Nobody will hire you if they don’t know who you are. Allen Murabayashi encouraged us to think big and increase our footprint, moving from just a portfolio website into areas where we hope to find new clients, places like Facebook, Twitter, Flickr, etc., and to optimize our SEO so internet searches will actually find you. SEO is a deep topic: learn it.
Even more than that, I would advocate getting off the internet and into the real world. Identify your target clients and put yourself in front of them. Attend conferences that they attend, put up a booth at your neighborhood festival, introduce yourself to everyone. Don’t be shy.
4: Set Your Fees Accordingly
I’ll admit, this was a big problem for me since I came from the hellish world of retail, where your worth is set by your hourly wage. How much you charge a client, though, is not how much you make. You must factor in the cost of business—computer equipment and maintenance, office space, design materials, and don’t forget insurance, savings, and taxes! Subtract all that from what you charge, and that’s how much you personally make. Once you’ve found that base price, increase it.
That’s not to say you can’t dip below it for a project you really want to work on (that will perhaps pay you in another way, like exposure or a portfolio piece). Perhaps you negotiate a lower fee for a charity or non-profit group. That’s fine, as long as you’ve charge more elsewhere and it balances out in the long run. Don’t short yourself, or you won’t last long.
5: Don’t Go It Alone
Freelancing can be a lonely profession. Develop colleagues who do what you do, who encounter the same challenges. Make them your friends. Since I came to this line of work through the theatre, I know lots of actors and directors; I know very few designers. I did meet a lot of local freelancers at the conference though. So seek out like-minded folks and get yourself a circle of design buddies.
Both Von Glitschka and Luke Mysee also advocated developing a board of advisers—people you know and trust who can give you advice on your business, people who have created businesses themselves. Take them out to dinner every couple months and use them as a sounding board for what you’re doing right and where you’re drifting off course. Just like designers often need a second pair of eyes to critique their work, get critiques on your business.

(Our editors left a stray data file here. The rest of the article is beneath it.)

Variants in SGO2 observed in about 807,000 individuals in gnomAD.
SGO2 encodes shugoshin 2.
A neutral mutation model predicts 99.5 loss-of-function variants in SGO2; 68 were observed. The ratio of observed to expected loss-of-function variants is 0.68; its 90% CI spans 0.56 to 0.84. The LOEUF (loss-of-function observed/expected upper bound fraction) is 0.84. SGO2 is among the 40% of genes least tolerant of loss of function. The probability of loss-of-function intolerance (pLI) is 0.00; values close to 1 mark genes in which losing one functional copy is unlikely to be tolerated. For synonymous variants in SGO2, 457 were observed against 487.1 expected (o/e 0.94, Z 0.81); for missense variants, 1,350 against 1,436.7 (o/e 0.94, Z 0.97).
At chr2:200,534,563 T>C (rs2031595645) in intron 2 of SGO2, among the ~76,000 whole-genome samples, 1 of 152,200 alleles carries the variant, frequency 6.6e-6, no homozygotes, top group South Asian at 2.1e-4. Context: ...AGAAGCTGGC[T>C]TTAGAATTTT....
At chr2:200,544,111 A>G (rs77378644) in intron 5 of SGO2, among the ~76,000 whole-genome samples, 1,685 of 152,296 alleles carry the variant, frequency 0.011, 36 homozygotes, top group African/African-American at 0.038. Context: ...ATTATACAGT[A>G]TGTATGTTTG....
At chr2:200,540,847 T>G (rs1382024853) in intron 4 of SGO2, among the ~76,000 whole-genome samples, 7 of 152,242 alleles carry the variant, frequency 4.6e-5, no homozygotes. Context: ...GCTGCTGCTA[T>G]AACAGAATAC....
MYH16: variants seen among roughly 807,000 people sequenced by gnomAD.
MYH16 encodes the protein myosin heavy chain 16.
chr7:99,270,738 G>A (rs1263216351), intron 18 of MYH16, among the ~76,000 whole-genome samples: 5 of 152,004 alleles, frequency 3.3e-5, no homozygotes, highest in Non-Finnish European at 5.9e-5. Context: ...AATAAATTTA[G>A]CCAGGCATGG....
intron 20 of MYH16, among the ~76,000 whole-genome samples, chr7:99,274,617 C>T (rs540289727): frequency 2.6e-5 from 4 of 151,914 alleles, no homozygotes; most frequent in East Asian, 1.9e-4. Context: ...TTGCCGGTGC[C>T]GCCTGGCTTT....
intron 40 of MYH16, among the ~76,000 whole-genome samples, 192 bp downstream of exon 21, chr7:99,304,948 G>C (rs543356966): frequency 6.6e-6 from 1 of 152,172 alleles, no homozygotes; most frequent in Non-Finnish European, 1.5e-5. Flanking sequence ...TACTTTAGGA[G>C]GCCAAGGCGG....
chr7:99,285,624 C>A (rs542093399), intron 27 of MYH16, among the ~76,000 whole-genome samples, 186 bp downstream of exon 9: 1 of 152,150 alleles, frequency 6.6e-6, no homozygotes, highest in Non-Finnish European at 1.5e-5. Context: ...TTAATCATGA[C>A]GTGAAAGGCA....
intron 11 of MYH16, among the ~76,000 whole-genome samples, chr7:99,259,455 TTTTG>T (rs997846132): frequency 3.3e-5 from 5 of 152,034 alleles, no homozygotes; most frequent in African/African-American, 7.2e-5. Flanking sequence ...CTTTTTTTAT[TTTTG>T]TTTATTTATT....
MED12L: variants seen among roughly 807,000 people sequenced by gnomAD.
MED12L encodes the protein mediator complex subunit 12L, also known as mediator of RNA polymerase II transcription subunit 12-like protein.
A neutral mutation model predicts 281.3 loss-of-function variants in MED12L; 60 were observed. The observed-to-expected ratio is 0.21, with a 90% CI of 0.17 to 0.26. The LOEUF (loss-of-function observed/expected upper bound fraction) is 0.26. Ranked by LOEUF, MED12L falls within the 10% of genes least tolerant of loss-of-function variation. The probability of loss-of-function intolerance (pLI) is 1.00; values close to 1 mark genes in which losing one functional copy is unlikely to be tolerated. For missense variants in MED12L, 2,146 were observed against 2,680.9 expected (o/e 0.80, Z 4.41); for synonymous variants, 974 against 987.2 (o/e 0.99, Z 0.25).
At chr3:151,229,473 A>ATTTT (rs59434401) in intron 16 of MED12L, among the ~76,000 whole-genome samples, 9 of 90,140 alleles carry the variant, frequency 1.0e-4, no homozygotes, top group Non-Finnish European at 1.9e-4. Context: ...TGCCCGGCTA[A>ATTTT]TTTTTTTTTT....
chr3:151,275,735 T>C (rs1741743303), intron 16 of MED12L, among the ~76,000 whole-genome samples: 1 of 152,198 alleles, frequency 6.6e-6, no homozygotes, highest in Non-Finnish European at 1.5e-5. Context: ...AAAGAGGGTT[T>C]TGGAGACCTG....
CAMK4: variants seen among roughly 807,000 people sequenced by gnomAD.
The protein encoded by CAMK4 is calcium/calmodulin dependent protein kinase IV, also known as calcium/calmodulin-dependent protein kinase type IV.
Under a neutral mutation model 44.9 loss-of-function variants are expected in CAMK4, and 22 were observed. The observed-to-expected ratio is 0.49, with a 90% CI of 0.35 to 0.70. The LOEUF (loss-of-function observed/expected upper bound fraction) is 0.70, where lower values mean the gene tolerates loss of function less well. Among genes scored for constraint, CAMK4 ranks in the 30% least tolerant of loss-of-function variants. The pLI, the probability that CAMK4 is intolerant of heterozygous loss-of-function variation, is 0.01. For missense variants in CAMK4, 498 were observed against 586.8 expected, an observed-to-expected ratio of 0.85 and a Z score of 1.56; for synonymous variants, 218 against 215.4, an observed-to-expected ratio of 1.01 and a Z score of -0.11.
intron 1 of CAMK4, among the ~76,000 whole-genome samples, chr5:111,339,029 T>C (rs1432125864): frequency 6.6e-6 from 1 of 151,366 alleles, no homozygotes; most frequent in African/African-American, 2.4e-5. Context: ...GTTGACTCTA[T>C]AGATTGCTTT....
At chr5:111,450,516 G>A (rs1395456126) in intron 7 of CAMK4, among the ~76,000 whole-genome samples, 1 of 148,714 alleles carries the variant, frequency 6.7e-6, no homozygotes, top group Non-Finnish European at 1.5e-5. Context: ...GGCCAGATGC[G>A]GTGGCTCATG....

6: Take The Time
All this seems like a lot of work that doesn’t involve a lick of design or illustration, and it is! Running a business takes time and effort. None of it will magically just happen if you don’t plan for it. Everyone at the conference advocated taking one day a week and designating it for your business, a day when you don’t work on client work. Take this day to balance your books, work on your marketing, get your office in order, develop plans for your business. And remember, this day isn’t a day off, it’s a day of work. When you are figuring out your fees, include the cost of this day as overhead cost, because that’s exactly what it is.
I’m guilty in many ways of not having these ideas in place in my business. Having developed my business around non-profits, I tend to make less hourly and therefore have to fill all my hours of the day with work to bring in the money. But with these concepts, I now have the tools to move forward and steer my business in a sustainable and profitable direction. I hope they can do the same for you.
My most immediate goal is to set aside enough money to attend the HOW Design Live Conference next summer in Boston, and this time attend the entire event. Will I see you there?